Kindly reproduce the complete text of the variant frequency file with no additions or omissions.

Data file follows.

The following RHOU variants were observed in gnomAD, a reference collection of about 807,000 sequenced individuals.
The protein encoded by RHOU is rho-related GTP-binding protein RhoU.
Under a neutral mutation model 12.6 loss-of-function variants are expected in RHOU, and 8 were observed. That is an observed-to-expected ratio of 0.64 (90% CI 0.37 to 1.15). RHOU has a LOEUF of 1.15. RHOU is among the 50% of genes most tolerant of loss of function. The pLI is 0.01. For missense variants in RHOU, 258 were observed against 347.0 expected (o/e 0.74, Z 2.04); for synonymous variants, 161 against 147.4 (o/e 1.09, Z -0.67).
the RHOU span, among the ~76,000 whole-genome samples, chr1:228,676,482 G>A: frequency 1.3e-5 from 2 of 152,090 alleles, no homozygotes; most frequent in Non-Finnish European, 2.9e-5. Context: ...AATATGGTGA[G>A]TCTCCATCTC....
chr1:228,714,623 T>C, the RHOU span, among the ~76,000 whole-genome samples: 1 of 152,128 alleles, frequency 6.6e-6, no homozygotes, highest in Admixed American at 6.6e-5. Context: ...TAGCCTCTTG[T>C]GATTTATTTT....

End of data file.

The following RHOU variants were observed in gnomAD, a reference collection of about 807,000 sequenced individuals.
The protein encoded by RHOU is rho-related GTP-binding protein RhoU.
Under a neutral mutation model 12.6 loss-of-function variants are expected in RHOU, and 8 were observed. That is an observed-to-expected ratio of 0.64 (90% CI 0.37 to 1.15). RHOU has a LOEUF of 1.15. RHOU is among the 50% of genes most tolerant of loss of function. The pLI is 0.01. For missense variants in RHOU, 258 were observed against 347.0 expected (o/e 0.74, Z 2.04); for synonymous variants, 161 against 147.4 (o/e 1.09, Z -0.67).
the RHOU span, among the ~76,000 whole-genome samples, chr1:228,676,482 G>A: frequency 1.3e-5 from 2 of 152,090 alleles, no homozygotes; most frequent in Non-Finnish European, 2.9e-5. Context: ...AATATGGTGA[G>A]TCTCCATCTC....
chr1:228,714,623 T>C, the RHOU span, among the ~76,000 whole-genome samples: 1 of 152,128 alleles, frequency 6.6e-6, no homozygotes, highest in Admixed American at 6.6e-5. Context: ...TAGCCTCTTG[T>C]GATTTATTTT....